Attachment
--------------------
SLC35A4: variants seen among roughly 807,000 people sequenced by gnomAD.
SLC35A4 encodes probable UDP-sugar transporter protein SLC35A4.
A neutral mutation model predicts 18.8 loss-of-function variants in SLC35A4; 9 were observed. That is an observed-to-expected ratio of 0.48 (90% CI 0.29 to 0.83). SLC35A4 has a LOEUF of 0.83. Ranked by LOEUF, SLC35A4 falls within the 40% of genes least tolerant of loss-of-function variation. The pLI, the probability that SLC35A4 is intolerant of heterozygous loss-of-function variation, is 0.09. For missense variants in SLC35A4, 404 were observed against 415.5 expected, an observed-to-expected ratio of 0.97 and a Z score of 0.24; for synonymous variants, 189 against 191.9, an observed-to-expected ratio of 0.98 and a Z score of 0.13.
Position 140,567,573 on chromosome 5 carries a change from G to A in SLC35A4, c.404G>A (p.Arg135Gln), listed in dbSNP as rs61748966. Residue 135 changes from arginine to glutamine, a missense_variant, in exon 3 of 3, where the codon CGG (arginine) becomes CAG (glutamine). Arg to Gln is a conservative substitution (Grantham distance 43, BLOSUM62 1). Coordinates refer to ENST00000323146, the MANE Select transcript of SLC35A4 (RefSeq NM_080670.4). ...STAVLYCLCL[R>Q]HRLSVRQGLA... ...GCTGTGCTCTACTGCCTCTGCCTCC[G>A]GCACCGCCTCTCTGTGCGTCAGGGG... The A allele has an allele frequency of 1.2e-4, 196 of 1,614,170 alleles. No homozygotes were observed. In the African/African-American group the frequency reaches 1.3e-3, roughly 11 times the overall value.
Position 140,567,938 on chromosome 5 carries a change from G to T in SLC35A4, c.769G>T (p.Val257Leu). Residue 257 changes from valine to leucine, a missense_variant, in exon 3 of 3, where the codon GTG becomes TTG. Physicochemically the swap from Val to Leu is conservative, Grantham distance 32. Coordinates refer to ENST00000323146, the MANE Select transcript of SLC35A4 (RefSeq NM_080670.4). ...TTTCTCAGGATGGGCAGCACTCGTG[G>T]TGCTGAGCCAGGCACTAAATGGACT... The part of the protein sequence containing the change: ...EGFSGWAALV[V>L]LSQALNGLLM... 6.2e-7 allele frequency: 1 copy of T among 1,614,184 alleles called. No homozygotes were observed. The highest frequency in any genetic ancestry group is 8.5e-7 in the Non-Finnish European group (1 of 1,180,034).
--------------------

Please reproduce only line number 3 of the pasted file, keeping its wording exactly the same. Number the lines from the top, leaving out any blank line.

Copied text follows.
A neutral mutation model predicts 18.8 loss-of-function variants in SLC35A4; 9 were observed. That is an observed-to-expected ratio of 0.48 (90% CI 0.29 to 0.83). SLC35A4 has a LOEUF of 0.83. Ranked by LOEUF, SLC35A4 falls within the 40% of genes least tolerant of loss-of-function variation. The pLI, the probability that SLC35A4 is intolerant of heterozygous loss-of-function variation, is 0.09. For missense variants in SLC35A4, 404 were observed against 415.5 expected, an observed-to-expected ratio of 0.97 and a Z score of 0.24; for synonymous variants, 189 against 191.9, an observed-to-expected ratio of 0.98 and a Z score of 0.13.